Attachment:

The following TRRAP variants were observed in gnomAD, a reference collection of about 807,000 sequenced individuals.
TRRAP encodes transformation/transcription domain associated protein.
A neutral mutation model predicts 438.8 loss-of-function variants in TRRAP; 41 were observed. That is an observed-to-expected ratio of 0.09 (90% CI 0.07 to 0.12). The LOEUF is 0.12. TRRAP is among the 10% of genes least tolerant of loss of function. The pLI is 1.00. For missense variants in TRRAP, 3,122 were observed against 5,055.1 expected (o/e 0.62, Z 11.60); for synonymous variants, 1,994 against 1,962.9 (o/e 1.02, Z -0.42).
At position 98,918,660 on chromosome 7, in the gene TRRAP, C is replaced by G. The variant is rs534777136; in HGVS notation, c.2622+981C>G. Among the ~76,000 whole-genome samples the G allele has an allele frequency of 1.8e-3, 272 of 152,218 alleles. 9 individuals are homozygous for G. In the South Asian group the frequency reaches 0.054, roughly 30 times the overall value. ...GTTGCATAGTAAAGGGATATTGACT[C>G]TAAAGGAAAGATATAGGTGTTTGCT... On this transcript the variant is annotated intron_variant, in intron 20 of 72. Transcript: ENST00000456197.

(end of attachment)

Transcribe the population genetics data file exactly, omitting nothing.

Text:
The following TRRAP variants were observed in gnomAD, a reference collection of about 807,000 sequenced individuals.
TRRAP encodes transformation/transcription domain associated protein.
A neutral mutation model predicts 438.8 loss-of-function variants in TRRAP; 41 were observed. That is an observed-to-expected ratio of 0.09 (90% CI 0.07 to 0.12). The LOEUF is 0.12. TRRAP is among the 10% of genes least tolerant of loss of function. The pLI is 1.00. For missense variants in TRRAP, 3,122 were observed against 5,055.1 expected (o/e 0.62, Z 11.60); for synonymous variants, 1,994 against 1,962.9 (o/e 1.02, Z -0.42).
At position 98,918,660 on chromosome 7, in the gene TRRAP, C is replaced by G. The variant is rs534777136; in HGVS notation, c.2622+981C>G. Among the ~76,000 whole-genome samples the G allele has an allele frequency of 1.8e-3, 272 of 152,218 alleles. 9 individuals are homozygous for G. In the South Asian group the frequency reaches 0.054, roughly 30 times the overall value. ...GTTGCATAGTAAAGGGATATTGACT[C>G]TAAAGGAAAGATATAGGTGTTTGCT... On this transcript the variant is annotated intron_variant, in intron 20 of 72. Transcript: ENST00000456197.